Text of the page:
Tuesday, May 22, 2012

What's Going on With Some of Funimation's BD Releases?

I'm cutting this into the blog from our last weekly newsletter . So many people are asking us about it that this post will give the issue a permanent home here that we can link to. :-)

We've had several people ask us last week about some of Funimation's recent quirkiness towards BD releases (stuff like Heaven's Lost Property Forte, Strike Witches S2, and Panty & Stocking to name a few) and thought I would clarify what's been going on since the beginning of the year. In a nutshell, it seems the folks at Kadokawa have become positively paranoid regarding the threat that international BD releases pose to their indigenous sales in Japan, and have decided to put the kibosh on international BD releases - at least for awhile.

We knew since January that the issue revolved around some bitching from the Japanese about certain BD releases being scheduled in the US a little too soon (in their opinion) after the Japanese BD release, but a couple of weeks ago Humberto Saabedra (who edits some of Crunchyroll's news feeds) posted a scathing editorial regarding Funi's plans to release Panty & Stocking as DVD only (for now) even though they have affirmed that they do have the BD rights as well.

Here's the full text of Mr. Saabedra's post:

"During a Twitter conversation last night, the subject of Funimation's release of Panty & Stocking with Garterbelt came up after preliminary listings for the show may have confirmed that the release would exclude a Blu-Ray version and only be released on DVD, despite the company confirming that the show would indeed be released on Blu-Ray the weekend before during its convention appearances at Anime Boston and Sakura-Con respectively. The discussion then circled around to Kadokawa's apparent new rules on international Blu-Ray releases. Back in February, Funimation Entertainment had finally confirmed that the second season of Sora no Otoshimono in Forte would be released on DVD/Blu-Ray as a combo pack in March after months of delays, only to be forced to announce to retailers that the release would not be released as a Blu-Ray/DVD combo as originally solicited, but would only be released on DVD, with no real explanation on why the Blu-Ray version was excluded only after being solicited to retailers 2 weeks before.

The sudden exclusion of the Blu-Ray version after being announced as such for months came as a surprise to fans of the show and led many to cancel pre-orders due to the lack of a Blu-Ray version. While many were quick to point the finger at Funimation for screwing up the solicitations, the real blame should be placed at the feet of the master licensor of the show in Kadokawa Pictures, which controls international licensing for many of Funimation's most popular shows.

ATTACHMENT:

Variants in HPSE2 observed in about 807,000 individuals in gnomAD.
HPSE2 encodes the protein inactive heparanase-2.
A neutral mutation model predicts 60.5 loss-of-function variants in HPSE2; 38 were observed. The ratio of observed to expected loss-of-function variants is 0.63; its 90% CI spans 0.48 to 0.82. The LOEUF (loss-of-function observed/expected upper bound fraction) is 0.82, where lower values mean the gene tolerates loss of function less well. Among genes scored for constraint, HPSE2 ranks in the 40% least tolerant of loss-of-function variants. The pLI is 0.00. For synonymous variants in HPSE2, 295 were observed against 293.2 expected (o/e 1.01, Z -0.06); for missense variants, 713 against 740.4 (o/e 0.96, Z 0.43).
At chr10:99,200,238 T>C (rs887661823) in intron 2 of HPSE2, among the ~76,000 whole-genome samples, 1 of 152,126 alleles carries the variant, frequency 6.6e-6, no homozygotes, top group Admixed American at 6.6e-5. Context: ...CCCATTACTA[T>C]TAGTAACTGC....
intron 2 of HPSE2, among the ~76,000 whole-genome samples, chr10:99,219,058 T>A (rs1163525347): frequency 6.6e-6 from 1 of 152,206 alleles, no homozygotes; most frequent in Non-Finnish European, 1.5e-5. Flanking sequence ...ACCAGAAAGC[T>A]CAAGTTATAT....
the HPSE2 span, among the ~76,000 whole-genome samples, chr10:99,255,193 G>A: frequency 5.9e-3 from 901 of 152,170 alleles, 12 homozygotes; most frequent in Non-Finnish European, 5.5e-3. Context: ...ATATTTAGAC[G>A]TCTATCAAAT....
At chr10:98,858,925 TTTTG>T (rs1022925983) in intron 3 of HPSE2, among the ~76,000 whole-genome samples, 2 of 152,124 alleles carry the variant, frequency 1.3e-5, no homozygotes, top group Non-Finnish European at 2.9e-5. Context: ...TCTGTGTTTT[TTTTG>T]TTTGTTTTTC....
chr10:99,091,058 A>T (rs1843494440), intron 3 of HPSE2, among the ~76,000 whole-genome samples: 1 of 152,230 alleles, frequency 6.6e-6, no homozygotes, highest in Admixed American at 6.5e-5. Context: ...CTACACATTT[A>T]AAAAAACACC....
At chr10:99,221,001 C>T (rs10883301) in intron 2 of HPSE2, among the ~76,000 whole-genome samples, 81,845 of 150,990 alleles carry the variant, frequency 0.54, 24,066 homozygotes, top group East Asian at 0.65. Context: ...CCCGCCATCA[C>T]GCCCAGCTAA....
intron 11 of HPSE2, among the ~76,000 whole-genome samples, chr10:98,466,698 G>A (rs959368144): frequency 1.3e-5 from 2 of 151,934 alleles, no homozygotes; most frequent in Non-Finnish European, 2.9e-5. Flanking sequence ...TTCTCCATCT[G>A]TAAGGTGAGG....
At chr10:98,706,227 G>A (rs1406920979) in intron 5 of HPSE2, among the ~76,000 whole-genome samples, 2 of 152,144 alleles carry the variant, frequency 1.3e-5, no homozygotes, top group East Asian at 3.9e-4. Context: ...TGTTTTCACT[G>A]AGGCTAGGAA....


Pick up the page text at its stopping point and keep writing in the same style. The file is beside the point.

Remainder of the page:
Recently, in statements made by Manga Entertainment UK via Twitter, it was revealed that Kadokawa had issued new mandates on home video releases to its international licensing partners that allude to the requirement that no Blu-Ray releases by international licensors would be allowed this calendar year and to adjust release formats accordingly.

Specific reasons were not given as to why the rule was put into place by the company, but recent activity by Funimation involving home video announcements may have confirmed the veracity of the statements, as The Future Diary was only confirmed for a DVD release later this year while no mention was made of a Blu-Ray version. Kadokawa Pictures controls international licensing rights for the show as Kadokawa Shoten also publishes the manga.

While Funimation also announced Panty and Stocking with Garterbelt as a Blu-Ray/DVD combo release during Anime Boston, the earliest listings for the show are beginning to confirm that Kadokawa is indeed forcing international licensors to drop Blu-Ray releases from release plans and announcements.

Why Kadokawa is doing this now, when some of the most popular shows controlled by the conglomerate will see release on home video this year is unknown, but if I were to make an educated guess, the idea of reverse importation may be too great for the conglomerate to ignore and it appears perfectly willing to lose money on international licenses in order to protect its shrinking home market.

Unfortunately for Kadokawa Pictures, the home video market for anime in the US is moving swiftly away from DVD and rushing towards Blu-Ray as the preferred release method for newer shows, with many making purchasing decisions based on whether the series will have a Blu-Ray version available. For Kadokawa to make such mandates to its international licensor partners is not only short-sighted, but it only hurts those that want to support their favorite shows and the companies that work to license them. If I had the ear of the executives at Kadokawa Pictures, I would strongly suggest they reconsider their stance on international Blu-Ray releases outside Japan, otherwise they face the wrath of a fanbase that is perfectly willing to spend their money elsewhere, or worse, not give them any more money at all and even resort to piracy, which only hurts everyone in the end. I really would like to be proven wrong and see Panty & Stocking get a Blu-Ray release when it gets released later this Summer, but based on the previous release in Sora no Otoshimono Forte, that looks less and less likely and places other Kadokawa Pictures controlled titles in doubt for their own Blu-Ray releases."

This really looks like something I might have written minus the copious swearing. -_^

So it seems Kadokawa Pictures has suspended most or all international Anime BD releases for the time being. Now with the word that the upcoming release of Future Diary will also be DVD-only, this has fired up quite a shit storm around the community. I can attest personally to the massive amount of pre-order cancelations of Heavens Lost Property Forte, as that last minute change in particular caused us about ten thousand headaches and really hurt our sales of this title. So, does anyone out there still have any illusions that Japanese Anime producers care about any market outside of Japan? I think this issue should firmly put that fantasy to rest. Xenophobic levels of protectionism are nothing new to the Japanese, and the recession over the last few years has just made the situation even worse.